Article Index

1. What is disability insurance?

Disability insurance is privately owned insurance that pays a monthly benefit to an insured who is either disabled by an injury or sickness in his/her "own occupation," "any occupation," or a modified definition of his/her occupation. 

The insurance can be acquired in the form of an individual policy where the policyholder usually pays the premium or group insurance offered by an employer which insures an individual usually in their capacity as an employee.

 "Own occupation" insurance insures an individual against his/her ability to perform the substantial and material duties of his/her occupation, i.e. a salesman, surgeon, accountant. An individual can be disabled in his/her own occupation and still collect benefits if s/he is capable of working in a different occupation.

"Any occupation" coverage, on the other hand, pays a disability benefit if the insured is unable to work in any occupation for which s/he is suited by  age, education, status in life, income and experience. The standard is similar to that utilized by the Social Security Administration and generally requires a greater degree of impairment.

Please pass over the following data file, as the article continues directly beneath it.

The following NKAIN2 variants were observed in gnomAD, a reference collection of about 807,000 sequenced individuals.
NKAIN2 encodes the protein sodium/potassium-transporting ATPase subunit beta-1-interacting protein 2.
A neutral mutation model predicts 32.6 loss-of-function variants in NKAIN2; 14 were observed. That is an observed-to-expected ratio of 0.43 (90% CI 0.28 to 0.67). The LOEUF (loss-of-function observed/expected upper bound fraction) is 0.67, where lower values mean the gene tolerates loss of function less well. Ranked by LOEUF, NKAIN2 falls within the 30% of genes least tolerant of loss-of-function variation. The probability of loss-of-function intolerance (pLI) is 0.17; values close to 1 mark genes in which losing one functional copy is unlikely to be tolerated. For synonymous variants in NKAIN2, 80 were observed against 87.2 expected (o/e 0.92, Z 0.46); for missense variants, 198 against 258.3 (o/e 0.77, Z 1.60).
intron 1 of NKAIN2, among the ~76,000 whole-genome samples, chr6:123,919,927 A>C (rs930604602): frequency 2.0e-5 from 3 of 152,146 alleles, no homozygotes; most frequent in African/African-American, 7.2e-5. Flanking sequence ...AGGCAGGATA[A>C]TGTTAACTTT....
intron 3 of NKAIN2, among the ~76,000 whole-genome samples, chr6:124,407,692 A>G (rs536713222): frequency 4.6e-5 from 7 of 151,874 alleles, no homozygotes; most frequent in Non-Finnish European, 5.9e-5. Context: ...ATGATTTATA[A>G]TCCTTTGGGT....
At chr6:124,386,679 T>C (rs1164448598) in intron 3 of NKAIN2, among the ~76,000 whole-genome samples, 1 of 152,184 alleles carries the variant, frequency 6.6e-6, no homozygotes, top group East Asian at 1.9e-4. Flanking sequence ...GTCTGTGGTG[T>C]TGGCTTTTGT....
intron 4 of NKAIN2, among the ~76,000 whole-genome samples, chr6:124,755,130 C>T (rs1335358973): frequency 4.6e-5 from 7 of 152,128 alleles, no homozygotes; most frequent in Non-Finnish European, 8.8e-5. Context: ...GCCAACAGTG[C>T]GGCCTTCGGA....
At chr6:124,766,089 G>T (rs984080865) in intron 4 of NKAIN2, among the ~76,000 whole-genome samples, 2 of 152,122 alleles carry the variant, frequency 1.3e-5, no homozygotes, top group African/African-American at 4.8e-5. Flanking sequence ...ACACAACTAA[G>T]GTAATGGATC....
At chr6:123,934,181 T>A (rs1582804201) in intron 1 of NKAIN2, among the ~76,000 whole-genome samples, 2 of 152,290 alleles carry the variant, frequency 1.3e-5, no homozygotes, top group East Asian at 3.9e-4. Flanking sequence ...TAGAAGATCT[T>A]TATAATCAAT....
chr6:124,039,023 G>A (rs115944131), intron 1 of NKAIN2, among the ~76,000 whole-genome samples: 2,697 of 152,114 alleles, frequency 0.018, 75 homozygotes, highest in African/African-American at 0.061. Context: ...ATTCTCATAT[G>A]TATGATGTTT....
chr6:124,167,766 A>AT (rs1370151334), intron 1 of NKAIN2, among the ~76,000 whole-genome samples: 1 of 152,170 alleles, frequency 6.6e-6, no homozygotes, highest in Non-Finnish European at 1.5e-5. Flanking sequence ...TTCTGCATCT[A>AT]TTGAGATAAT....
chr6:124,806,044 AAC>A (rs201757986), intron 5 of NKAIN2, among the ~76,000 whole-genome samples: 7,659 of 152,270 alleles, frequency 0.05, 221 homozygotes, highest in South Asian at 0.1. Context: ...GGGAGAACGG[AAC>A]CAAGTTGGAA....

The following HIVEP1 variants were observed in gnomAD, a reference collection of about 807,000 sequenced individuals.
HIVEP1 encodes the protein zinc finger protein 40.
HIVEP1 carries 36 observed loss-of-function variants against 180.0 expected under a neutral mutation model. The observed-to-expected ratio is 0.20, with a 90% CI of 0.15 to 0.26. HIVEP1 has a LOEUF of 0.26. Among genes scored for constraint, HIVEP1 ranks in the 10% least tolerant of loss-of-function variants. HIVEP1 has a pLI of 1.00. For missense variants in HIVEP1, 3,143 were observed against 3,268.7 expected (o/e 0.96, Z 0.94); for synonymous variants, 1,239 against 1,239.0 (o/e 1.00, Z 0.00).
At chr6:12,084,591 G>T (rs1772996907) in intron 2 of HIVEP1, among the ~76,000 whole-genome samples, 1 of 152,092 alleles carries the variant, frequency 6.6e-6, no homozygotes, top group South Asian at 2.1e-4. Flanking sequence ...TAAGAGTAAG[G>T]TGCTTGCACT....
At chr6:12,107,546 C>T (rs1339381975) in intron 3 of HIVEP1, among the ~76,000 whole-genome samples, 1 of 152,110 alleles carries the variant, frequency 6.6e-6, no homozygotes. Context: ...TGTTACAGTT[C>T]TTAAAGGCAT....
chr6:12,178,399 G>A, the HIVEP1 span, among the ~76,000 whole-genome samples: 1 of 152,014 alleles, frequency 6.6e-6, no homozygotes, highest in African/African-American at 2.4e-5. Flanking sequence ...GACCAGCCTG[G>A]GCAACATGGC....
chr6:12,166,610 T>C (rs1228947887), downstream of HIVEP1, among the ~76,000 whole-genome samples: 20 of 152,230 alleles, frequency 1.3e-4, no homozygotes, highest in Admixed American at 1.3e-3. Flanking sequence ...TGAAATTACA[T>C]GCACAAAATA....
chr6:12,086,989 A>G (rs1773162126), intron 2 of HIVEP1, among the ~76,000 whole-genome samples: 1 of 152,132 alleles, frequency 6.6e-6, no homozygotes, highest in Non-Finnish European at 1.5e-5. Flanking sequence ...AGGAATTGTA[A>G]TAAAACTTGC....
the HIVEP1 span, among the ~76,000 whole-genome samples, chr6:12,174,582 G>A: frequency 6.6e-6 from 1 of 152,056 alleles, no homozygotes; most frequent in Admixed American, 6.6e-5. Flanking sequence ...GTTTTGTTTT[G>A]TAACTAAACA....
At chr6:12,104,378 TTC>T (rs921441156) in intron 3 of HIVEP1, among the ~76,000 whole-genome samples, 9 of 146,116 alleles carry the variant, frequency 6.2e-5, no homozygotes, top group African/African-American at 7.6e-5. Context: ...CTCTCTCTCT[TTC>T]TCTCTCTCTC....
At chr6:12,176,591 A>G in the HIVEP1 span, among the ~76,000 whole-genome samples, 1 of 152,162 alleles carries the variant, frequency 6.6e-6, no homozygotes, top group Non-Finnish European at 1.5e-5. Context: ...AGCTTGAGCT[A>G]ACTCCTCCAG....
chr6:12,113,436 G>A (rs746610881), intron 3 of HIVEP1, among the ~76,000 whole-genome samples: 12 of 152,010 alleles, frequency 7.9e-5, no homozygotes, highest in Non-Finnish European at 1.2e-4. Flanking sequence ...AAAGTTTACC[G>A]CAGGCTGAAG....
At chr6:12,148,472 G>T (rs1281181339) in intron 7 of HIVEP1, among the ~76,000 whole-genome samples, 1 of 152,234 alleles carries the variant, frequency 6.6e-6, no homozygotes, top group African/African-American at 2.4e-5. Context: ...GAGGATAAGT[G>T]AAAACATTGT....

A policy with "modified occupation" language generally pays a disability benefit if one is disabled in his/her own occupation and not engaged in another occupation.

Finally, some policies have a "Change in Definition" feature ("CID") which states that after a passage of time (12, 24, 36 or 48 months), the disability standard changes from "own occupation" to "any occupation." This is a typical feature of a Group Disability Insurance policy. 

The impact of the CID is to elevate the degree of disability if one is to remain disabled and eligible for benefits after the "own occupation" period passes. In short, benefits will only continue if the insured is disabled in the "any occupation" period that follows the "own occupation" period.